Countries like Thailand and Indonesia rely heavily on South Korean-made frigates and submarines to operate their fleet, while South Korean-built FA-50 fighter jets defend the skies over the Philippines and Iraq.

As a multirole fighter based off the Korea Aerospace Industries’ (KAI) T-50 Golden Eagle, the first supersonic trainer aircraft produced domestically by KAI, the FA-50 proved its effectiveness in the Philippines, which bought 12 of them in 2013 and used them to conduct air raids on rebels in its southern regions. Argentina reportedly plans to buy up to 10 FA-50s, which retail at around $30 million per unit.

South Korea’s advanced naval manufacturing sector also allows it to churn out a variety of warships that are in demand abroad. Thailand bought a 3,650 ton Daegu-class frigate last year at 52 billion won ? the biggest single arms purchase in the country’s history, which is set to serve as the flagship of its fleet. The Philippines also bought two 2,870 ton frigates for 37 billion won. Daewoo Shipbuilding & Marine Engineering, or DSME, one of South Korea’s leading shipbuilding firms, also built Norway’s largest warship.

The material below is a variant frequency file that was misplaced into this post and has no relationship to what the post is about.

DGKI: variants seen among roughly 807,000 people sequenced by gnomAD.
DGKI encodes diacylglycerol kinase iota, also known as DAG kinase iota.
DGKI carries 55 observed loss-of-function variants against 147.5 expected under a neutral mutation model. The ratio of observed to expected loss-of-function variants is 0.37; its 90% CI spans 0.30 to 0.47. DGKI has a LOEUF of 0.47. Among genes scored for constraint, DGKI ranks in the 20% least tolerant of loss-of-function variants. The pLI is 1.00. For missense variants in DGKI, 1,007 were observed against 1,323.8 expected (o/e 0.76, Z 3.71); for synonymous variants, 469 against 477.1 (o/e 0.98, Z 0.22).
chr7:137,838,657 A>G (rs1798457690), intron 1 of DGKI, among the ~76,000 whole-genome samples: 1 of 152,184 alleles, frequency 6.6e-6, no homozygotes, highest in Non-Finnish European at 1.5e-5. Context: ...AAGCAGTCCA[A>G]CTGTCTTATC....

South Korean made submarines also have a good reputation abroad, with the Chang Bogo-class submarines serving a key role in Indonesia’s maritime fleet. In 2011, Jakarta bought three of these vessels weighing in at 1,400 tons each and ordered three more last April from DSME at a price of 1.16 trillion won. These sales have made South Korea the fifth-largest submarine exporter in the world.

Ahn added that South Korea’s export of aircraft and ships rose significantly since DAPA, the country’s arms procurement agency, was established in 2006. Since then, the country’s technology in regards to these weapons developed to world class levels, he said, but that many variables exist in regard to continued sales.